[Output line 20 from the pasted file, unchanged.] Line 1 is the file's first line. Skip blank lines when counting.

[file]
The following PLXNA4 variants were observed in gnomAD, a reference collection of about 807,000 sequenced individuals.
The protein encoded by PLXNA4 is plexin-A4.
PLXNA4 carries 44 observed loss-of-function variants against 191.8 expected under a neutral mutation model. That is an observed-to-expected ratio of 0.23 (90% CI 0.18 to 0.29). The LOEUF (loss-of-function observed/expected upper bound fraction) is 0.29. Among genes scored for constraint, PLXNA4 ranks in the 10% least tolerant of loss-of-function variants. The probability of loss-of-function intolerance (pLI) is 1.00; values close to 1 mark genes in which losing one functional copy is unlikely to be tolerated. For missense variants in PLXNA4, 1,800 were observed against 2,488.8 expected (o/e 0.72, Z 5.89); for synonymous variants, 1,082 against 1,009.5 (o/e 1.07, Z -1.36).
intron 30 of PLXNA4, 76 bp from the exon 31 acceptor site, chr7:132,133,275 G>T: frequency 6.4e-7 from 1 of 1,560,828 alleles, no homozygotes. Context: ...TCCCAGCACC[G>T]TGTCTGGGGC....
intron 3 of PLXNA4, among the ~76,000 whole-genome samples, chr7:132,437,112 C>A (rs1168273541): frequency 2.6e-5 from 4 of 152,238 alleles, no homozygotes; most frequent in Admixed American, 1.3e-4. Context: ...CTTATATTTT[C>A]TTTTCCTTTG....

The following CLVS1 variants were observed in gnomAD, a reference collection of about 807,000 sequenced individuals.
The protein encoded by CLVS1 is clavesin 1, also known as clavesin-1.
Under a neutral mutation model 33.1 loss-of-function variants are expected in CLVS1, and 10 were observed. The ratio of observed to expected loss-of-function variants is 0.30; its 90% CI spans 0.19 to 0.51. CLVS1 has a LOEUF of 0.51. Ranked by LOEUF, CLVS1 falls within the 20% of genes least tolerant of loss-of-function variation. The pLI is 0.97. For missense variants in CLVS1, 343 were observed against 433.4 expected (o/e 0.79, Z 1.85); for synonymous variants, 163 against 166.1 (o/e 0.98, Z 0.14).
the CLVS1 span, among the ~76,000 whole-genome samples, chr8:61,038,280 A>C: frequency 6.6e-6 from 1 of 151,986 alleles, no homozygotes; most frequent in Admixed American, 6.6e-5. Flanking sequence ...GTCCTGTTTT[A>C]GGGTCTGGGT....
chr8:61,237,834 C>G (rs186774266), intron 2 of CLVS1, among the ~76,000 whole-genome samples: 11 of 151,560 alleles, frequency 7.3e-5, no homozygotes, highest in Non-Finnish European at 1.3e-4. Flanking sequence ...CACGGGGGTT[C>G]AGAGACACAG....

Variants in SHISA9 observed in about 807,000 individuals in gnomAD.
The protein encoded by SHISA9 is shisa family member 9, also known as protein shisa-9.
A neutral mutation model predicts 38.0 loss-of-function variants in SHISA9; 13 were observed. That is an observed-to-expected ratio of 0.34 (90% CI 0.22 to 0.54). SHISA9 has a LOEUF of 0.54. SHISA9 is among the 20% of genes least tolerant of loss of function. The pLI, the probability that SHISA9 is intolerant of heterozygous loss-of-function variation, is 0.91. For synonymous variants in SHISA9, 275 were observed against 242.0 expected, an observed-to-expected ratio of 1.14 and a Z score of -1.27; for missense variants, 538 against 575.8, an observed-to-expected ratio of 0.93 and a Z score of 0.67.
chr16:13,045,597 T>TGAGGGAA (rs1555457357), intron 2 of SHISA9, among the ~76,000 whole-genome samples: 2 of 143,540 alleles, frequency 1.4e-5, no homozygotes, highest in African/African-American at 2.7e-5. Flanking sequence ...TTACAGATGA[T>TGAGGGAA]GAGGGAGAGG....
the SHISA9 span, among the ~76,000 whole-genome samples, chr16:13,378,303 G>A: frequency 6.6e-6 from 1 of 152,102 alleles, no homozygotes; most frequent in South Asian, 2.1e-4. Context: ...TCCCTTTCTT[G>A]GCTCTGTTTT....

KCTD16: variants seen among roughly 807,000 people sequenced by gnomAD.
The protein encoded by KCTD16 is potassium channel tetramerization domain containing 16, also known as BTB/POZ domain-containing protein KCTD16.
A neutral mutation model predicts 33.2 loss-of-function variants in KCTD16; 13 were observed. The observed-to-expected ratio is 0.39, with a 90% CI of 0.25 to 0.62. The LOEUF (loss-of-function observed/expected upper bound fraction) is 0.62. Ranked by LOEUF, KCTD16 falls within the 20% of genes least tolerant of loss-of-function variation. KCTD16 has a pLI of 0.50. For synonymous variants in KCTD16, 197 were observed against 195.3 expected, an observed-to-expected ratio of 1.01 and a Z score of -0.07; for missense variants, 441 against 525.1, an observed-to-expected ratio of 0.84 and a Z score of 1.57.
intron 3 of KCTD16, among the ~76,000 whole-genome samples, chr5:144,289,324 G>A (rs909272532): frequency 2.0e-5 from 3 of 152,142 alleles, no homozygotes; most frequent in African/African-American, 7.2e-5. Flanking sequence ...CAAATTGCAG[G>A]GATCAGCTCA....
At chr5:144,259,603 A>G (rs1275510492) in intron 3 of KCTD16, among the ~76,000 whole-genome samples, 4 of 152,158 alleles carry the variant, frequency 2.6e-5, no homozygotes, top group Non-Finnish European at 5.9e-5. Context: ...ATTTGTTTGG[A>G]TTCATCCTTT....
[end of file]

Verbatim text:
At chr5:144,259,603 A>G (rs1275510492) in intron 3 of KCTD16, among the ~76,000 whole-genome samples, 4 of 152,158 alleles carry the variant, frequency 2.6e-5, no homozygotes, top group Non-Finnish European at 5.9e-5. Context: ...ATTTGTTTGG[A>G]TTCATCCTTT....